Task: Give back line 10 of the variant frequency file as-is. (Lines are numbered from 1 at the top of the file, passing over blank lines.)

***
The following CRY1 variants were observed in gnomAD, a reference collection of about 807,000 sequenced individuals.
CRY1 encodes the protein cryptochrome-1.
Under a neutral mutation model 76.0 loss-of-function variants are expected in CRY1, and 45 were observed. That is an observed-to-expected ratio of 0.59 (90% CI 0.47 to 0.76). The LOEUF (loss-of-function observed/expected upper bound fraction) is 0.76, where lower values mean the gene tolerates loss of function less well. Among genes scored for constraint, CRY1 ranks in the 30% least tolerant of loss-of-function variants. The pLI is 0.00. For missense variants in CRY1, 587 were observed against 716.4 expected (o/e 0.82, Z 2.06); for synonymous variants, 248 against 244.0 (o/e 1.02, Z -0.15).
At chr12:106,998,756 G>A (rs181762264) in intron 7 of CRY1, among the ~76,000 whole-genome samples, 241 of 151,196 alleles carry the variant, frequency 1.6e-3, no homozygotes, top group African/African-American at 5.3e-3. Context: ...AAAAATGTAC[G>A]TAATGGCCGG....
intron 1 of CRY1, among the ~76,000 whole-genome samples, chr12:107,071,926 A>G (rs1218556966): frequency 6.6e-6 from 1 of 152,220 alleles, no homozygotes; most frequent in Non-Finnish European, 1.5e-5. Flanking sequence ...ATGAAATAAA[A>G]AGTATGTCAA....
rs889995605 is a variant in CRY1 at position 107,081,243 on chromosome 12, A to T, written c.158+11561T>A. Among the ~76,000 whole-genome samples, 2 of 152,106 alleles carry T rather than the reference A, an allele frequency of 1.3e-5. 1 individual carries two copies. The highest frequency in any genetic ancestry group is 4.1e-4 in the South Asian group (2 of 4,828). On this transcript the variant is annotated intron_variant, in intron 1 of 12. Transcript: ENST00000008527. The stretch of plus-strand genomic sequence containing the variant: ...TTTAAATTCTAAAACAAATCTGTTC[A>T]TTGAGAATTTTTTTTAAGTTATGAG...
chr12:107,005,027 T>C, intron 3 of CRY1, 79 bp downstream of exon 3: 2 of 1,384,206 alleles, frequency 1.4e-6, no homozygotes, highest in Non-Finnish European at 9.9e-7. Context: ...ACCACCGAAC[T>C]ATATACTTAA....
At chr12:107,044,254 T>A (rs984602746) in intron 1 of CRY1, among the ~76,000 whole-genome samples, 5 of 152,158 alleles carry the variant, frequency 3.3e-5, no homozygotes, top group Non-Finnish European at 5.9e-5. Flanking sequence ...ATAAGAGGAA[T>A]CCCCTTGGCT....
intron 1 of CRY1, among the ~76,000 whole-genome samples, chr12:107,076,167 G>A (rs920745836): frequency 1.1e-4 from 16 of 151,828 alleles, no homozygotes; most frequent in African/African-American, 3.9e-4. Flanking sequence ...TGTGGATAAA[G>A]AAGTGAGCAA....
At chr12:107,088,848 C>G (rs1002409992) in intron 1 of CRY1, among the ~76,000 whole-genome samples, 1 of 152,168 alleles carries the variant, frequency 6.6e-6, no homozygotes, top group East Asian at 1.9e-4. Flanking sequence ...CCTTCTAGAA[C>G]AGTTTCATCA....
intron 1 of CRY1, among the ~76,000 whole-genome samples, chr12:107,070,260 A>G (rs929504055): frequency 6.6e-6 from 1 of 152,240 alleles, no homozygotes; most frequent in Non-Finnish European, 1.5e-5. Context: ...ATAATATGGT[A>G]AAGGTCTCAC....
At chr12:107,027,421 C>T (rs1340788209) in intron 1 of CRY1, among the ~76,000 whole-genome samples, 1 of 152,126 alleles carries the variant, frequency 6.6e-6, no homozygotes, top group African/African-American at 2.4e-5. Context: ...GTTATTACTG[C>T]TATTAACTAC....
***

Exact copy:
At chr12:107,088,848 C>G (rs1002409992) in intron 1 of CRY1, among the ~76,000 whole-genome samples, 1 of 152,168 alleles carries the variant, frequency 6.6e-6, no homozygotes, top group East Asian at 1.9e-4. Flanking sequence ...CCTTCTAGAA[C>G]AGTTTCATCA....